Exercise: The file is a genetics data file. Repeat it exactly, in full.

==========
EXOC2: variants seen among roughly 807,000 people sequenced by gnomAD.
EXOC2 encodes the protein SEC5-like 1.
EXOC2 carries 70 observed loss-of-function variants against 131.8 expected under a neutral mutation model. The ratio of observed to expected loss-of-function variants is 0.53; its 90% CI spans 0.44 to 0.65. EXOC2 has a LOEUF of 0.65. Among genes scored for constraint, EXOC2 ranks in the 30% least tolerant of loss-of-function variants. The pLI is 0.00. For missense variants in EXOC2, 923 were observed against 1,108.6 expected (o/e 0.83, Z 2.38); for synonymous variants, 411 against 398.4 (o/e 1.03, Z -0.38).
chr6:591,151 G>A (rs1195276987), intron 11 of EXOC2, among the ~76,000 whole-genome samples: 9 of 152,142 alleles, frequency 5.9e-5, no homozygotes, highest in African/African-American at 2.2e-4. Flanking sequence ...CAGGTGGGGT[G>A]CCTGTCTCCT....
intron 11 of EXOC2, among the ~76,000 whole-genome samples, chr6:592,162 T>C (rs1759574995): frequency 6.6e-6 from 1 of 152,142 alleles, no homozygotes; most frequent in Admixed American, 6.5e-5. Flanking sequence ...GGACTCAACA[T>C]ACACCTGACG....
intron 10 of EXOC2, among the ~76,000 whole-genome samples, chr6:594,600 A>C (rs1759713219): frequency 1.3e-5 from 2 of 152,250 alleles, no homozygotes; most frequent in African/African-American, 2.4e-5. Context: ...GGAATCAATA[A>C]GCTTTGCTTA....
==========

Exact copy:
EXOC2: variants seen among roughly 807,000 people sequenced by gnomAD.
EXOC2 encodes the protein SEC5-like 1.
EXOC2 carries 70 observed loss-of-function variants against 131.8 expected under a neutral mutation model. The ratio of observed to expected loss-of-function variants is 0.53; its 90% CI spans 0.44 to 0.65. EXOC2 has a LOEUF of 0.65. Among genes scored for constraint, EXOC2 ranks in the 30% least tolerant of loss-of-function variants. The pLI is 0.00. For missense variants in EXOC2, 923 were observed against 1,108.6 expected (o/e 0.83, Z 2.38); for synonymous variants, 411 against 398.4 (o/e 1.03, Z -0.38).
chr6:591,151 G>A (rs1195276987), intron 11 of EXOC2, among the ~76,000 whole-genome samples: 9 of 152,142 alleles, frequency 5.9e-5, no homozygotes, highest in African/African-American at 2.2e-4. Flanking sequence ...CAGGTGGGGT[G>A]CCTGTCTCCT....
intron 11 of EXOC2, among the ~76,000 whole-genome samples, chr6:592,162 T>C (rs1759574995): frequency 6.6e-6 from 1 of 152,142 alleles, no homozygotes; most frequent in Admixed American, 6.5e-5. Flanking sequence ...GGACTCAACA[T>C]ACACCTGACG....
intron 10 of EXOC2, among the ~76,000 whole-genome samples, chr6:594,600 A>C (rs1759713219): frequency 1.3e-5 from 2 of 152,250 alleles, no homozygotes; most frequent in African/African-American, 2.4e-5. Context: ...GGAATCAATA[A>C]GCTTTGCTTA....